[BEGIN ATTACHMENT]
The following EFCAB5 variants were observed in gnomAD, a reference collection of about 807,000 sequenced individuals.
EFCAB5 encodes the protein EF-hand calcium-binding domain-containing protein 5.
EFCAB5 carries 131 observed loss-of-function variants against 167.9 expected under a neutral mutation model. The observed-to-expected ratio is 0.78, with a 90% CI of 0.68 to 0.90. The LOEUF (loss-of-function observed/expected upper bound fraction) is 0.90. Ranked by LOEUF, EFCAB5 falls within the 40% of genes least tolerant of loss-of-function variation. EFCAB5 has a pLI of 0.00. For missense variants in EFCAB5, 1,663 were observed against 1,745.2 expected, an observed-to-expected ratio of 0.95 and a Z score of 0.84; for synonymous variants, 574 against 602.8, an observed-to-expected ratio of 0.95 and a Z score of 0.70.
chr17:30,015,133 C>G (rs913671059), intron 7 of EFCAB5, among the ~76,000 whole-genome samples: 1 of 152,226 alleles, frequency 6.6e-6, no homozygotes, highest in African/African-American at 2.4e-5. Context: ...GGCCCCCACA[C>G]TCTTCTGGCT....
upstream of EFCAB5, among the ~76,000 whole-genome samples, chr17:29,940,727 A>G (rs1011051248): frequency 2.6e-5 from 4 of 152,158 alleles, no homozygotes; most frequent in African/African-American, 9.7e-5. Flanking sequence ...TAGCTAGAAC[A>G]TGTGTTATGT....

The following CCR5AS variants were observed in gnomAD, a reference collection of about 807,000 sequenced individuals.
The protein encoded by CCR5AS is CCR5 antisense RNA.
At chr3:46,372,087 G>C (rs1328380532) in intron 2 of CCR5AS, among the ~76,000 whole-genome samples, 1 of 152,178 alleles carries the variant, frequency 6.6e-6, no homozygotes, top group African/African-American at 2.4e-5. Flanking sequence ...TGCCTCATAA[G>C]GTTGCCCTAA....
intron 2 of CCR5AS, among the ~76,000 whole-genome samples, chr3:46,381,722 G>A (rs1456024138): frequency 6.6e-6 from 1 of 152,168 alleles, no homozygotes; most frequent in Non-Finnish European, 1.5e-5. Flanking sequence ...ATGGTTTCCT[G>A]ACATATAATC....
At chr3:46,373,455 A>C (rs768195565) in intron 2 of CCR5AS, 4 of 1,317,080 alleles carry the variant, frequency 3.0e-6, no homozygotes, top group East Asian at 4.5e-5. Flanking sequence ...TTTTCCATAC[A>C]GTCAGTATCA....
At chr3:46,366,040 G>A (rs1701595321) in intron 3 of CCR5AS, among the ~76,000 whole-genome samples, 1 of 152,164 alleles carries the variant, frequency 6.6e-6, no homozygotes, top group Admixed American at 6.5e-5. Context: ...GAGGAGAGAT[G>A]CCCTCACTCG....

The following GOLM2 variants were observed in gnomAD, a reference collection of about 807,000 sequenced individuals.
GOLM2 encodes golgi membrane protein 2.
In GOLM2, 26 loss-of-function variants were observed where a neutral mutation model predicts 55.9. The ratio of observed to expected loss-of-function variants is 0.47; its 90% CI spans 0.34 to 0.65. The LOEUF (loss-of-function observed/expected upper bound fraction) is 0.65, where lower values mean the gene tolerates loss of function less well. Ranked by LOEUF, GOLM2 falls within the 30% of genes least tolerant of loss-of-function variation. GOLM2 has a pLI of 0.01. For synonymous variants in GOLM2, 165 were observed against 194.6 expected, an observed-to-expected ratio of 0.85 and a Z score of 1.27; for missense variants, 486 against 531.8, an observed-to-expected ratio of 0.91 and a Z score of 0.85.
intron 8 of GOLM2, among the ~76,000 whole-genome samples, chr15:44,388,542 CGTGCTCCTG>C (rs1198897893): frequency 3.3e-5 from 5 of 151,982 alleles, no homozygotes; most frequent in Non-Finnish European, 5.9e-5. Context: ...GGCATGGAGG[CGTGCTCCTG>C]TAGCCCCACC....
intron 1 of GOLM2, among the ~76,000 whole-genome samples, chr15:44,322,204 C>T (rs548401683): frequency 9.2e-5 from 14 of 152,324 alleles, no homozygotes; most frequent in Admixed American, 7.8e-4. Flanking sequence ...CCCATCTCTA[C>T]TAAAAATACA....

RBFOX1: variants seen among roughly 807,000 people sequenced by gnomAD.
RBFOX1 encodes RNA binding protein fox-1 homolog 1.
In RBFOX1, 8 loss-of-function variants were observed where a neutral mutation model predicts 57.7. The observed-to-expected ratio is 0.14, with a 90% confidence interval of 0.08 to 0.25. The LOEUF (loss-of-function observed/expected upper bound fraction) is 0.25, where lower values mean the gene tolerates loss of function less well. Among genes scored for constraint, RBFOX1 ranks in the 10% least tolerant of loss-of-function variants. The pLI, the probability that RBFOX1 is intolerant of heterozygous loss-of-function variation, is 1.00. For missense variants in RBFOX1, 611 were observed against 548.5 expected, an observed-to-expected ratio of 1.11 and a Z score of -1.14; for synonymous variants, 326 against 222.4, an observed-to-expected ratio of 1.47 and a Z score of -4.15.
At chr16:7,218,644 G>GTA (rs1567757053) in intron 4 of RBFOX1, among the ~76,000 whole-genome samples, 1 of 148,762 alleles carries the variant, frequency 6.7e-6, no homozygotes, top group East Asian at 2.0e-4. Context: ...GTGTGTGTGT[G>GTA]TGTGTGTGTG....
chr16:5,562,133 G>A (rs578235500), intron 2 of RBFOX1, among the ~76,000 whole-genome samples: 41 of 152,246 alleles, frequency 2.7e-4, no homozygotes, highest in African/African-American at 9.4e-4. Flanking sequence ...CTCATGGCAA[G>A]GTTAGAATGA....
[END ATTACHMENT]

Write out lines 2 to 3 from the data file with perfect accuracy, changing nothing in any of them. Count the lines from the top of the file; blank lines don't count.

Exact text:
EFCAB5 encodes the protein EF-hand calcium-binding domain-containing protein 5.
EFCAB5 carries 131 observed loss-of-function variants against 167.9 expected under a neutral mutation model. The observed-to-expected ratio is 0.78, with a 90% CI of 0.68 to 0.90. The LOEUF (loss-of-function observed/expected upper bound fraction) is 0.90. Ranked by LOEUF, EFCAB5 falls within the 40% of genes least tolerant of loss-of-function variation. EFCAB5 has a pLI of 0.00. For missense variants in EFCAB5, 1,663 were observed against 1,745.2 expected, an observed-to-expected ratio of 0.95 and a Z score of 0.84; for synonymous variants, 574 against 602.8, an observed-to-expected ratio of 0.95 and a Z score of 0.70.